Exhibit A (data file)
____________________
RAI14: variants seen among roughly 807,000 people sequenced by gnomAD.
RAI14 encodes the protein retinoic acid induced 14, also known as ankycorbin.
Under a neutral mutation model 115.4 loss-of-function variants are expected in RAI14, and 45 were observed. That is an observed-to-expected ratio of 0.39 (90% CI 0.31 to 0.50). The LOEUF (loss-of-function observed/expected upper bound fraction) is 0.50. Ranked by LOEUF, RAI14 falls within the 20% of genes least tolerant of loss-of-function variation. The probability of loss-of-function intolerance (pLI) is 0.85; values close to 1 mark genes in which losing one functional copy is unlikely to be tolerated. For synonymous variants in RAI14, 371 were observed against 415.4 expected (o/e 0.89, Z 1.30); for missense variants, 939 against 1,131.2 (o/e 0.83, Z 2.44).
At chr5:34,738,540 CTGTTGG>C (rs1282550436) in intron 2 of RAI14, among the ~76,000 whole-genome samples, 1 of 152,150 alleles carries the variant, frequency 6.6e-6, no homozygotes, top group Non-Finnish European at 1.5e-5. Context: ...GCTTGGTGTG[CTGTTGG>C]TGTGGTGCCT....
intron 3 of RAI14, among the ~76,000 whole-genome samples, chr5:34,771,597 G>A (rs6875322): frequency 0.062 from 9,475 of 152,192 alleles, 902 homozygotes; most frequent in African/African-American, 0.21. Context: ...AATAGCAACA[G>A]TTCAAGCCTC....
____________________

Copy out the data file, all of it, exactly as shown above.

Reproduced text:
RAI14: variants seen among roughly 807,000 people sequenced by gnomAD.
RAI14 encodes the protein retinoic acid induced 14, also known as ankycorbin.
Under a neutral mutation model 115.4 loss-of-function variants are expected in RAI14, and 45 were observed. That is an observed-to-expected ratio of 0.39 (90% CI 0.31 to 0.50). The LOEUF (loss-of-function observed/expected upper bound fraction) is 0.50. Ranked by LOEUF, RAI14 falls within the 20% of genes least tolerant of loss-of-function variation. The probability of loss-of-function intolerance (pLI) is 0.85; values close to 1 mark genes in which losing one functional copy is unlikely to be tolerated. For synonymous variants in RAI14, 371 were observed against 415.4 expected (o/e 0.89, Z 1.30); for missense variants, 939 against 1,131.2 (o/e 0.83, Z 2.44).
At chr5:34,738,540 CTGTTGG>C (rs1282550436) in intron 2 of RAI14, among the ~76,000 whole-genome samples, 1 of 152,150 alleles carries the variant, frequency 6.6e-6, no homozygotes, top group Non-Finnish European at 1.5e-5. Context: ...GCTTGGTGTG[CTGTTGG>C]TGTGGTGCCT....
intron 3 of RAI14, among the ~76,000 whole-genome samples, chr5:34,771,597 G>A (rs6875322): frequency 0.062 from 9,475 of 152,192 alleles, 902 homozygotes; most frequent in African/African-American, 0.21. Context: ...AATAGCAACA[G>A]TTCAAGCCTC....